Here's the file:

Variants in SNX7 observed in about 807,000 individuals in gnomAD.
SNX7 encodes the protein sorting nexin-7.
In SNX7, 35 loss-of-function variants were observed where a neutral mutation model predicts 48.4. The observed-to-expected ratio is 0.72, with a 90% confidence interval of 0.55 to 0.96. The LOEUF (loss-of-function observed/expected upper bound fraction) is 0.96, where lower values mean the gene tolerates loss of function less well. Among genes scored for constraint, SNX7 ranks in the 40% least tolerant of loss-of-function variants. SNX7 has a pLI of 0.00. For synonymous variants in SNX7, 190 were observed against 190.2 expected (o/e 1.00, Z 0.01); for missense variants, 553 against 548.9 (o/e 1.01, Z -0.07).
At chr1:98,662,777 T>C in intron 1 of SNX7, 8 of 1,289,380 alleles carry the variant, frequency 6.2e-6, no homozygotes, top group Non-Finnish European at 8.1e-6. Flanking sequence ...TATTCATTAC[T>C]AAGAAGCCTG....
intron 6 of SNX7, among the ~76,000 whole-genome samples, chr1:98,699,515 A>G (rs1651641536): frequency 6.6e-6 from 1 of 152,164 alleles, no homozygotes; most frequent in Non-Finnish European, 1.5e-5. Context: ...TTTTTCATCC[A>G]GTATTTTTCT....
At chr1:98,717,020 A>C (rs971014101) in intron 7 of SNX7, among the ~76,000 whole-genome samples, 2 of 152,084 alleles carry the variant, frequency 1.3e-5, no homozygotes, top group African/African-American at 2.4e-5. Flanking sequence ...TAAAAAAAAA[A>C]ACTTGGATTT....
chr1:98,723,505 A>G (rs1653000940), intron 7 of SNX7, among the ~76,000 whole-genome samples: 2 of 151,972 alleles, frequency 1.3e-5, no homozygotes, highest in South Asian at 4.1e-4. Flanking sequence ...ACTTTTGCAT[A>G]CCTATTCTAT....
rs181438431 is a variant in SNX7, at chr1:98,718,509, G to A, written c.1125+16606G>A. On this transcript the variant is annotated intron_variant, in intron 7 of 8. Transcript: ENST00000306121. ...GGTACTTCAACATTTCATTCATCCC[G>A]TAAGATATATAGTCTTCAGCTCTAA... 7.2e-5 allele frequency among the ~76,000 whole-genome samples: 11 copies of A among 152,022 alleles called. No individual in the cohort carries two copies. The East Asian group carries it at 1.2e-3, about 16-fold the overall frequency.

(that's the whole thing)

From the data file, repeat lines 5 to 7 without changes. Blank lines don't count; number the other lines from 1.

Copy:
intron 6 of SNX7, among the ~76,000 whole-genome samples, chr1:98,699,515 A>G (rs1651641536): frequency 6.6e-6 from 1 of 152,164 alleles, no homozygotes; most frequent in Non-Finnish European, 1.5e-5. Context: ...TTTTTCATCC[A>G]GTATTTTTCT....
At chr1:98,717,020 A>C (rs971014101) in intron 7 of SNX7, among the ~76,000 whole-genome samples, 2 of 152,084 alleles carry the variant, frequency 1.3e-5, no homozygotes, top group African/African-American at 2.4e-5. Flanking sequence ...TAAAAAAAAA[A>C]ACTTGGATTT....
chr1:98,723,505 A>G (rs1653000940), intron 7 of SNX7, among the ~76,000 whole-genome samples: 2 of 151,972 alleles, frequency 1.3e-5, no homozygotes, highest in South Asian at 4.1e-4. Flanking sequence ...ACTTTTGCAT[A>G]CCTATTCTAT....